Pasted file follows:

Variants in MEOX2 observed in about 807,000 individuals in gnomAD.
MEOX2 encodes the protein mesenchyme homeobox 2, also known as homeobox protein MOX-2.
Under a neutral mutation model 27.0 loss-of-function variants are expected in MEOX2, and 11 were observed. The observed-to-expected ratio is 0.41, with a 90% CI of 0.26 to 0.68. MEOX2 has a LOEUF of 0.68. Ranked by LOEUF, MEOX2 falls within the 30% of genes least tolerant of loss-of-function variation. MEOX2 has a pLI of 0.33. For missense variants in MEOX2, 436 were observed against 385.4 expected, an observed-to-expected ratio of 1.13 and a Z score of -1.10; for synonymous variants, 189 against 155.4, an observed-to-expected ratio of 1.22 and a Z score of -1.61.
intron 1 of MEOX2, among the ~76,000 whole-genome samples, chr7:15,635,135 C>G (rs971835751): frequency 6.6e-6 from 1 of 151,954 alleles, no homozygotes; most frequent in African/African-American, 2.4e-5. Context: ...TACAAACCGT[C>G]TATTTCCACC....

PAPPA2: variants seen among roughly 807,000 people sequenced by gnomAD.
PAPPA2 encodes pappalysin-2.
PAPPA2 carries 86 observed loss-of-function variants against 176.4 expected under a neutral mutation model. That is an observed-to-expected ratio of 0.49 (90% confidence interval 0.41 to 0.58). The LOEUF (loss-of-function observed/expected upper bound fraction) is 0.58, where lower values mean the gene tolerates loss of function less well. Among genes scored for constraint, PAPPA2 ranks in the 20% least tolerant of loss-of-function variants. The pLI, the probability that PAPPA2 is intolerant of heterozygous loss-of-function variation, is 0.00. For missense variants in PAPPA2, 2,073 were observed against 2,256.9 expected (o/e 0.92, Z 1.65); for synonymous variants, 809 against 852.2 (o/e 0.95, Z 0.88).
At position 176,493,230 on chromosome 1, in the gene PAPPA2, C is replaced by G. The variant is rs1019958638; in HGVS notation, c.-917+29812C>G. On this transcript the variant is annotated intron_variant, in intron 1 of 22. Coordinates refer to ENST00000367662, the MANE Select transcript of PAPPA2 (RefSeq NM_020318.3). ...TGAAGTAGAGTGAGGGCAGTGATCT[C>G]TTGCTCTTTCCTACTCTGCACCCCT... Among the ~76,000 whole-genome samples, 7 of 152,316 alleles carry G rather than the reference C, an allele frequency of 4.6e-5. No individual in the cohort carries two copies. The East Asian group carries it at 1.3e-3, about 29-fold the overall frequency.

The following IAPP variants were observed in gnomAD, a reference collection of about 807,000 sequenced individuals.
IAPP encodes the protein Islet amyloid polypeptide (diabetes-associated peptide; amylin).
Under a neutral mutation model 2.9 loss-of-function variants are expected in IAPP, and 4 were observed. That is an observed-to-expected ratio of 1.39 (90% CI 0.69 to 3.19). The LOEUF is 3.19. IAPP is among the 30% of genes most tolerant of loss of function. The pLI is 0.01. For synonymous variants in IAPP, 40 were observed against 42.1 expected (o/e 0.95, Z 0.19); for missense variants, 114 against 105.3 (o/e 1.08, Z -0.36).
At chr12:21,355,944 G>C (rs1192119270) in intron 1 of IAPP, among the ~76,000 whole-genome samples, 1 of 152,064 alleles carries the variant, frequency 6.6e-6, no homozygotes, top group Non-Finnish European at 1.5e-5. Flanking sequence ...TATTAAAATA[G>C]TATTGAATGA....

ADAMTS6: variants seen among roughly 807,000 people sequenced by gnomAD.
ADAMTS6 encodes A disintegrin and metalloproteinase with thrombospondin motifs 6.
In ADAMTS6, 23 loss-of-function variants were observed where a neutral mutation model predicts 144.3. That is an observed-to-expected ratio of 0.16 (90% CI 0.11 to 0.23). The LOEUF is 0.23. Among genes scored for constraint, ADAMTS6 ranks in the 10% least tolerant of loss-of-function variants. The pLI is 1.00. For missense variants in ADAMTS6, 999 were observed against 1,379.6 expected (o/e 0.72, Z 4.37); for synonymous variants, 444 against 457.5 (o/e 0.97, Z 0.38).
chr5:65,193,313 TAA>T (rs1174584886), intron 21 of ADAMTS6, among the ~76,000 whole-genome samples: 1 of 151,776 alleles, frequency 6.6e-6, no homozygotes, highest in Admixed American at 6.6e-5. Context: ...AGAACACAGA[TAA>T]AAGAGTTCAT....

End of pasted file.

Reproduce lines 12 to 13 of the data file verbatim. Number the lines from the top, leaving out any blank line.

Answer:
At chr12:21,355,944 G>C (rs1192119270) in intron 1 of IAPP, among the ~76,000 whole-genome samples, 1 of 152,064 alleles carries the variant, frequency 6.6e-6, no homozygotes, top group Non-Finnish European at 1.5e-5. Flanking sequence ...TATTAAAATA[G>C]TATTGAATGA....

ADAMTS6: variants seen among roughly 807,000 people sequenced by gnomAD.